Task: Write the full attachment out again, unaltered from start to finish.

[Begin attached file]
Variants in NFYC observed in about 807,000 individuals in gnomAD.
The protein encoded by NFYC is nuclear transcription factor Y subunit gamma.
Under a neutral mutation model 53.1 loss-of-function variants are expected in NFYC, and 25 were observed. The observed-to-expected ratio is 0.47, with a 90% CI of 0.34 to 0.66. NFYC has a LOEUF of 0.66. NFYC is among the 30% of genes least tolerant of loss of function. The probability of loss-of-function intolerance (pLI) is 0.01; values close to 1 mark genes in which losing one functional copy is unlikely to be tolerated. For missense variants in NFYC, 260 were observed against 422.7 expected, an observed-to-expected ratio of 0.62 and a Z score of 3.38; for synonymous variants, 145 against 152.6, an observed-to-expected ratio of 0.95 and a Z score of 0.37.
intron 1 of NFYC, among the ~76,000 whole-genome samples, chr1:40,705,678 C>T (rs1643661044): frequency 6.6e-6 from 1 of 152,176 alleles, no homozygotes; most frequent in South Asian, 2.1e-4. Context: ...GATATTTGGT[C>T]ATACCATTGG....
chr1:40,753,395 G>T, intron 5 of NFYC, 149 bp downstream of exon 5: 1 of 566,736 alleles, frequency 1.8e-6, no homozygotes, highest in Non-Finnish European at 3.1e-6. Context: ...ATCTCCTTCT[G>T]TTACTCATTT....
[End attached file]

Variants in NFYC observed in about 807,000 individuals in gnomAD.
The protein encoded by NFYC is nuclear transcription factor Y subunit gamma.
Under a neutral mutation model 53.1 loss-of-function variants are expected in NFYC, and 25 were observed. The observed-to-expected ratio is 0.47, with a 90% CI of 0.34 to 0.66. NFYC has a LOEUF of 0.66. NFYC is among the 30% of genes least tolerant of loss of function. The probability of loss-of-function intolerance (pLI) is 0.01; values close to 1 mark genes in which losing one functional copy is unlikely to be tolerated. For missense variants in NFYC, 260 were observed against 422.7 expected, an observed-to-expected ratio of 0.62 and a Z score of 3.38; for synonymous variants, 145 against 152.6, an observed-to-expected ratio of 0.95 and a Z score of 0.37.
intron 1 of NFYC, among the ~76,000 whole-genome samples, chr1:40,705,678 C>T (rs1643661044): frequency 6.6e-6 from 1 of 152,176 alleles, no homozygotes; most frequent in South Asian, 2.1e-4. Context: ...GATATTTGGT[C>T]ATACCATTGG....
chr1:40,753,395 G>T, intron 5 of NFYC, 149 bp downstream of exon 5: 1 of 566,736 alleles, frequency 1.8e-6, no homozygotes, highest in Non-Finnish European at 3.1e-6. Context: ...ATCTCCTTCT[G>T]TTACTCATTT....